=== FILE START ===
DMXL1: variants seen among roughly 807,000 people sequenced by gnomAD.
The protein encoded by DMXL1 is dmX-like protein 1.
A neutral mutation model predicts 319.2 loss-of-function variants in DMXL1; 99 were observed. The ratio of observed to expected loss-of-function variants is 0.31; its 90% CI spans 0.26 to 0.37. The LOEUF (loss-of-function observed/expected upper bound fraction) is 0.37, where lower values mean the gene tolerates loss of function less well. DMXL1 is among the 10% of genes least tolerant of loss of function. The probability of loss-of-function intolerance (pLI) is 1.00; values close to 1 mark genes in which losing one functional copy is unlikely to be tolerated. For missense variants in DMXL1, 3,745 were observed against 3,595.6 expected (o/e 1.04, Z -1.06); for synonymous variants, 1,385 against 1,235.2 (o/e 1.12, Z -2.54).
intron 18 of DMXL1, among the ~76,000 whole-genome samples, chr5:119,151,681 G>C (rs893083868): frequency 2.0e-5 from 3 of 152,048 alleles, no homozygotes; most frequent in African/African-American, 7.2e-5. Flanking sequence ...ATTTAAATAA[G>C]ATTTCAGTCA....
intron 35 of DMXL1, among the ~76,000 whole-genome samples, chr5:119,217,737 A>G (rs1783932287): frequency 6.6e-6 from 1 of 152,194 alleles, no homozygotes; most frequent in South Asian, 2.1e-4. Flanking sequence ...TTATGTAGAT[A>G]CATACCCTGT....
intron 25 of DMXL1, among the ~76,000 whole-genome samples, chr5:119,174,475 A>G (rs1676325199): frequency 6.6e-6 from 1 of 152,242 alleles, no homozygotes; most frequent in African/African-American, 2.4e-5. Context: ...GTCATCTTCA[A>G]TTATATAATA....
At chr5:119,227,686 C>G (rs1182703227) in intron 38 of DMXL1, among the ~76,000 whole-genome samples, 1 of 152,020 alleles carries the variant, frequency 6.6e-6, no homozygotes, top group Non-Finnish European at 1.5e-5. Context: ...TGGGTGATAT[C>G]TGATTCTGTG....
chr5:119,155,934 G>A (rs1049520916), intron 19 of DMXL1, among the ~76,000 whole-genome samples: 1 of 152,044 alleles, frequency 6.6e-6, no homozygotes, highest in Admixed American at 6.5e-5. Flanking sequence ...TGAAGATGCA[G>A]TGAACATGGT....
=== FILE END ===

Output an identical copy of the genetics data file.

DMXL1: variants seen among roughly 807,000 people sequenced by gnomAD.
The protein encoded by DMXL1 is dmX-like protein 1.
A neutral mutation model predicts 319.2 loss-of-function variants in DMXL1; 99 were observed. The ratio of observed to expected loss-of-function variants is 0.31; its 90% CI spans 0.26 to 0.37. The LOEUF (loss-of-function observed/expected upper bound fraction) is 0.37, where lower values mean the gene tolerates loss of function less well. DMXL1 is among the 10% of genes least tolerant of loss of function. The probability of loss-of-function intolerance (pLI) is 1.00; values close to 1 mark genes in which losing one functional copy is unlikely to be tolerated. For missense variants in DMXL1, 3,745 were observed against 3,595.6 expected (o/e 1.04, Z -1.06); for synonymous variants, 1,385 against 1,235.2 (o/e 1.12, Z -2.54).
intron 18 of DMXL1, among the ~76,000 whole-genome samples, chr5:119,151,681 G>C (rs893083868): frequency 2.0e-5 from 3 of 152,048 alleles, no homozygotes; most frequent in African/African-American, 7.2e-5. Flanking sequence ...ATTTAAATAA[G>C]ATTTCAGTCA....
intron 35 of DMXL1, among the ~76,000 whole-genome samples, chr5:119,217,737 A>G (rs1783932287): frequency 6.6e-6 from 1 of 152,194 alleles, no homozygotes; most frequent in South Asian, 2.1e-4. Flanking sequence ...TTATGTAGAT[A>G]CATACCCTGT....
intron 25 of DMXL1, among the ~76,000 whole-genome samples, chr5:119,174,475 A>G (rs1676325199): frequency 6.6e-6 from 1 of 152,242 alleles, no homozygotes; most frequent in African/African-American, 2.4e-5. Context: ...GTCATCTTCA[A>G]TTATATAATA....
At chr5:119,227,686 C>G (rs1182703227) in intron 38 of DMXL1, among the ~76,000 whole-genome samples, 1 of 152,020 alleles carries the variant, frequency 6.6e-6, no homozygotes, top group Non-Finnish European at 1.5e-5. Context: ...TGGGTGATAT[C>G]TGATTCTGTG....
chr5:119,155,934 G>A (rs1049520916), intron 19 of DMXL1, among the ~76,000 whole-genome samples: 1 of 152,044 alleles, frequency 6.6e-6, no homozygotes, highest in Admixed American at 6.5e-5. Flanking sequence ...TGAAGATGCA[G>A]TGAACATGGT....